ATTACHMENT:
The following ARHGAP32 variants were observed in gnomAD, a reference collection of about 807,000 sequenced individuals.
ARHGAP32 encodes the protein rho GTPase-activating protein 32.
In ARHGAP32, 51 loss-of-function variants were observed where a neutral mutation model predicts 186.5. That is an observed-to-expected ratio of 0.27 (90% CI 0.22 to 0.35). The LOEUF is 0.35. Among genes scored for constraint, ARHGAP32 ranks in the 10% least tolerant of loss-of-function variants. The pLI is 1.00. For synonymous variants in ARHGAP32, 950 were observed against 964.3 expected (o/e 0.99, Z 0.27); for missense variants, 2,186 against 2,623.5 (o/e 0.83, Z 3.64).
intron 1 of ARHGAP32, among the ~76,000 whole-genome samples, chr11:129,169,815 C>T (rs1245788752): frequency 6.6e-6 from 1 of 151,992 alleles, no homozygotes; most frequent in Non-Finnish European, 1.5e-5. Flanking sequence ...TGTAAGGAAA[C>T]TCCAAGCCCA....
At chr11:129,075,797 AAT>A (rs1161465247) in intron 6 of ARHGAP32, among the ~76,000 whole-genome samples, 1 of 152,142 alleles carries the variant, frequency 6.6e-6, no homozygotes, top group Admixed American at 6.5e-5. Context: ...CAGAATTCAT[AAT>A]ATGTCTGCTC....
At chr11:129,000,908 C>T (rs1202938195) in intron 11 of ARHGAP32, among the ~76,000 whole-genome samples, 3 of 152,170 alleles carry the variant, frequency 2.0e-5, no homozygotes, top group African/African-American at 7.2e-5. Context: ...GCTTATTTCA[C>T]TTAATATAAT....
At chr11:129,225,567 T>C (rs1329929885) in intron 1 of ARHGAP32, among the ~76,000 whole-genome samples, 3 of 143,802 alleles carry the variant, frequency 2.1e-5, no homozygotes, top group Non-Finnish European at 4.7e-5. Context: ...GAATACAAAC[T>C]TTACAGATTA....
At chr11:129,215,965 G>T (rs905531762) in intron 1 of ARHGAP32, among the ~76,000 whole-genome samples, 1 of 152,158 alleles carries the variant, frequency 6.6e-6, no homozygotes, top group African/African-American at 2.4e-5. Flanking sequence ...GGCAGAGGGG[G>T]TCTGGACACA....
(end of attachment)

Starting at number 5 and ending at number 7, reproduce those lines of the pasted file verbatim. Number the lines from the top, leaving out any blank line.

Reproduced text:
At chr11:129,075,797 AAT>A (rs1161465247) in intron 6 of ARHGAP32, among the ~76,000 whole-genome samples, 1 of 152,142 alleles carries the variant, frequency 6.6e-6, no homozygotes, top group Admixed American at 6.5e-5. Context: ...CAGAATTCAT[AAT>A]ATGTCTGCTC....
At chr11:129,000,908 C>T (rs1202938195) in intron 11 of ARHGAP32, among the ~76,000 whole-genome samples, 3 of 152,170 alleles carry the variant, frequency 2.0e-5, no homozygotes, top group African/African-American at 7.2e-5. Context: ...GCTTATTTCA[C>T]TTAATATAAT....
At chr11:129,225,567 T>C (rs1329929885) in intron 1 of ARHGAP32, among the ~76,000 whole-genome samples, 3 of 143,802 alleles carry the variant, frequency 2.1e-5, no homozygotes, top group Non-Finnish European at 4.7e-5. Context: ...GAATACAAAC[T>C]TTACAGATTA....